RICHMOND —Republican leaders of Virginia General Assembly on Tuesday rebuffed an effort by Gov. Terry McAuliffe to strike a deal on the state’s congressional elections map before a court-imposed deadline.
According to a June ruling, the General Assembly has until Sept. 1 to redraw congressional district boundaries, which the court said illegally pack African Americans into a single district to dilute their influence elsewhere.
On Tuesday, McAuliffe (D) sent a letter to House Speaker William J. Howell (R-Stafford) and Senate Majority Leader Thomas K. Norment (R-James City) requesting a meeting “to forge compromise on a plan that is agreeable to the General Assembly and can be reviewed quickly by the public and our congressional colleagues.”
McAuliffe has called a special session on redistricting for Aug. 17, but said hashing out a deal early would minimize taxpayer expense and shine a light on the map before it goes to a vote.
Howell and Norment quickly rejected the idea.
In a statement, Howell said meeting early would rob lawmakers of the ability to participate in the process from the start. He said he also prefers to wait for a court ruling on his request for an extension on the Sept. 1 deadline, to allow time for an appeal to play out.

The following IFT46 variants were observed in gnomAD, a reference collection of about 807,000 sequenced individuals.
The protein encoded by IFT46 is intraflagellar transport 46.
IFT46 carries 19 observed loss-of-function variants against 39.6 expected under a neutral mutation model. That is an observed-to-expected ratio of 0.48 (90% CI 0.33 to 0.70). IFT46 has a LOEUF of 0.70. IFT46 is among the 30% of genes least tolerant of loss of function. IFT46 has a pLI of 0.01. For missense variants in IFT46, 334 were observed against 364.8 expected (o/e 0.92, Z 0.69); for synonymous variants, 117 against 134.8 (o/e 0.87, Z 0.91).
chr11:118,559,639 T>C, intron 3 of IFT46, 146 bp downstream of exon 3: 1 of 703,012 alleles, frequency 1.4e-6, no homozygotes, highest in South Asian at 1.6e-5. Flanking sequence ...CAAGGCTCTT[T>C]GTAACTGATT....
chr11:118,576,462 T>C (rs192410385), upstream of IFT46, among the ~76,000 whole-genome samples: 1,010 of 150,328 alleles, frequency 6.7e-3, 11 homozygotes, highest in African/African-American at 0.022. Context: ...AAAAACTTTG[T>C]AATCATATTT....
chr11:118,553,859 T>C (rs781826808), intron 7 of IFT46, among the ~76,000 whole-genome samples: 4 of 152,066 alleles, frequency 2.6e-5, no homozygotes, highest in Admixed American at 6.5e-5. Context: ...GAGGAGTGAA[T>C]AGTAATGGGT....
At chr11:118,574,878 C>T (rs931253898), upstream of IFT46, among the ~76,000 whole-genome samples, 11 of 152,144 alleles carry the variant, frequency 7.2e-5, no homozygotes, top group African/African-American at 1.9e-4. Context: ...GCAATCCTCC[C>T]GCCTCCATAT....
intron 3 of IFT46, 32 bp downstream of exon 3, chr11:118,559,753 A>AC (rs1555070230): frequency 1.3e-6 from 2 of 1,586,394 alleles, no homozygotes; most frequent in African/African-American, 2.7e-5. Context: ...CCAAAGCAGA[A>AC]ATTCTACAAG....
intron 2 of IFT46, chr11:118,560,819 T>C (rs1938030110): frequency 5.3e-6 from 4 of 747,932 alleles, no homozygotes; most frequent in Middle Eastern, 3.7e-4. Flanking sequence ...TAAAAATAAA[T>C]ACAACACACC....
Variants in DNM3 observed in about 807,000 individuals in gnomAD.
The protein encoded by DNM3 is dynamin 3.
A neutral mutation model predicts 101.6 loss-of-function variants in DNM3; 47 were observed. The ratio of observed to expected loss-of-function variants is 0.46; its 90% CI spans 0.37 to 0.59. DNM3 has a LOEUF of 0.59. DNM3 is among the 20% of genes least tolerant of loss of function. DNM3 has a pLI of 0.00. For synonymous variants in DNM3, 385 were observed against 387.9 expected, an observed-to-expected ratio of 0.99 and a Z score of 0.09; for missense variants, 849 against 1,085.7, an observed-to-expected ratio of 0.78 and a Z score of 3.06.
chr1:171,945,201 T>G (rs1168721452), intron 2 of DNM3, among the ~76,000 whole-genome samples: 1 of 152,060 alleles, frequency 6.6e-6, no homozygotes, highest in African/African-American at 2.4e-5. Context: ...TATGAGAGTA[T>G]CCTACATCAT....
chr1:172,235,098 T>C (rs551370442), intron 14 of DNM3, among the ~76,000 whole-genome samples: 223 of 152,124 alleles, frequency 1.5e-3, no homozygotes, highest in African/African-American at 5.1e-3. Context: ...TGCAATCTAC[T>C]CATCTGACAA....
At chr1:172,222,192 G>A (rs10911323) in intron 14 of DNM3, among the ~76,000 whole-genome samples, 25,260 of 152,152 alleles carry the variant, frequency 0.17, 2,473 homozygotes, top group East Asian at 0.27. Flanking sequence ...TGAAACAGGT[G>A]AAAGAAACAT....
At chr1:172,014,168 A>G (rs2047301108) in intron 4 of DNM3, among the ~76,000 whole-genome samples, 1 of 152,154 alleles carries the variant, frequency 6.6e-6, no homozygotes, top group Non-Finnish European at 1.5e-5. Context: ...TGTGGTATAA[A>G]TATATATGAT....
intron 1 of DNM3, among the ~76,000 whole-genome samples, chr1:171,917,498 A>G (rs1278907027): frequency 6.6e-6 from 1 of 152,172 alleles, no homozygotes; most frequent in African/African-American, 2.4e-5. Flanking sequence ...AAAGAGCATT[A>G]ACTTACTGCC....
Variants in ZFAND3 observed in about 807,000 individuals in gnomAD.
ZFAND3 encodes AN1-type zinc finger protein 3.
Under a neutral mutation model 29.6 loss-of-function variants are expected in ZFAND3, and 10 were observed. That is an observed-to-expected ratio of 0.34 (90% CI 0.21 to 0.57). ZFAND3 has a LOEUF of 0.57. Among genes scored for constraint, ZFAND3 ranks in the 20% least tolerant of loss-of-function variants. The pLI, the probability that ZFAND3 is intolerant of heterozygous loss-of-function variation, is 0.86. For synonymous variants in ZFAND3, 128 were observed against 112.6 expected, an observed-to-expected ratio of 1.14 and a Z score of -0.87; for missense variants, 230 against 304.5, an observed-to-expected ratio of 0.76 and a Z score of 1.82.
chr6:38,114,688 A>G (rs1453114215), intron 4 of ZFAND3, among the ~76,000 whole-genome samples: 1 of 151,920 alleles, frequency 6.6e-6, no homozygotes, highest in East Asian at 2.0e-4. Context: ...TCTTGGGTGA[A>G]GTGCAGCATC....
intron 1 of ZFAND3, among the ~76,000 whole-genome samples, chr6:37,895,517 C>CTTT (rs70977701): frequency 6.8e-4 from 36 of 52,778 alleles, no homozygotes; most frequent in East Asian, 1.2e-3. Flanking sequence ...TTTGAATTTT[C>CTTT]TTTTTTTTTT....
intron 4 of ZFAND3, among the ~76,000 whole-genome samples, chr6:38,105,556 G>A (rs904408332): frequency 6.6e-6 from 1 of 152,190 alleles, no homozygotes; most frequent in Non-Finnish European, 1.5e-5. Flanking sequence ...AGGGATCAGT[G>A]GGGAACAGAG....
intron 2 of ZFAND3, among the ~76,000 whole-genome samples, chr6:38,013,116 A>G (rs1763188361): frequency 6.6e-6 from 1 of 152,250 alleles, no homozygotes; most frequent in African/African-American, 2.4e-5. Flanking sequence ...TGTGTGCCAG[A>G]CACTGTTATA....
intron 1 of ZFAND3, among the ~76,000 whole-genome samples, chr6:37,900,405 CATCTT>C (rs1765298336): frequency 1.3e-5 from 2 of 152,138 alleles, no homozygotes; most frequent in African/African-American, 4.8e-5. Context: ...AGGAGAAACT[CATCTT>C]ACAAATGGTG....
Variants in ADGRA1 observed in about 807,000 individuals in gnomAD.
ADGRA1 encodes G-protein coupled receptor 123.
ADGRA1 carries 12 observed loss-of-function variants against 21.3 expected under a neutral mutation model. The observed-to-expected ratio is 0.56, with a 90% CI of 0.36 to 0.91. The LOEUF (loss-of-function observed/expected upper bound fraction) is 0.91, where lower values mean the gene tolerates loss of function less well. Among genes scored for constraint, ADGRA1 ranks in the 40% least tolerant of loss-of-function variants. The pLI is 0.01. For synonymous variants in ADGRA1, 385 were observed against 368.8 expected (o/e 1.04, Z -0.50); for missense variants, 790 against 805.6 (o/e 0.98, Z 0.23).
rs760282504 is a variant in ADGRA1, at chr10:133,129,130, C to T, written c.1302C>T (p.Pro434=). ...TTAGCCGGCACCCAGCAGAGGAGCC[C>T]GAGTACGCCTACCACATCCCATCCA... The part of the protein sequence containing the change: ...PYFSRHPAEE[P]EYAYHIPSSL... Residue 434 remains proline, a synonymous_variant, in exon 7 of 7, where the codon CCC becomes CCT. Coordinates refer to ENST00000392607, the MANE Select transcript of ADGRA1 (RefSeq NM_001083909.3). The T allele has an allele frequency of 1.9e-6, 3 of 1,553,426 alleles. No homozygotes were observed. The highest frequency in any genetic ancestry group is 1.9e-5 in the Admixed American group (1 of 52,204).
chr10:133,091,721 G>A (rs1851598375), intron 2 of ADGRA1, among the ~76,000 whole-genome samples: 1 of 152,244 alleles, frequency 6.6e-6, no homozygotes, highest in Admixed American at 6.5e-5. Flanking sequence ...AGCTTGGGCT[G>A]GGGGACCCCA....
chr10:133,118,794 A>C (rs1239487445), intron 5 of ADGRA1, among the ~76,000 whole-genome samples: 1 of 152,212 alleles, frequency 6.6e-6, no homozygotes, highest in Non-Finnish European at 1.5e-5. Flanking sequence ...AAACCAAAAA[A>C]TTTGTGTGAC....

“Redistricting is a lengthy, complicated process,” Howell said. “I agree with the Governor that the process should be open and transparent, but a meeting to work out a deal ahead of time is the opposite of that.”
Norment added said he did not believe a meeting “would be consistent with either the legislative process or the principles of model redistricting.”
McAuliffe could veto a new redistricting map passed by the General Assembly, which experts believe would give the courts the power to set district boundaries. Of the state’s 11 congressional seats, Republicans currently hold eight and Democrats three.
McAuliffe spokesman Brian Coy declined to comment on the governor’s plans, but said he would like to limit the influence of politics on the process. Coy said although the governor supports the idea of empaneling an independent commission to draw the lines, there isn’t enough time to do that before the Sept. 1 deadline.
The challenge to the state’s congressional maps is similar to a separate challenge to a dozen Virginia House of Delegates districts. A federal three-judge panel is still deliberating in that case. Both the congressional and House district cases came on the heels of a 2013 Supreme Court decision invalidating a significant provision of the Voting Rights Act.
Brian Cannon, executive director of OneVirginia2021, which supports nonpartisan redistricting, said he would not expect transparency from a legislative redistricting session .
“Everyone knows they’re going to come to special session with the maps already drawn,” Cannon said.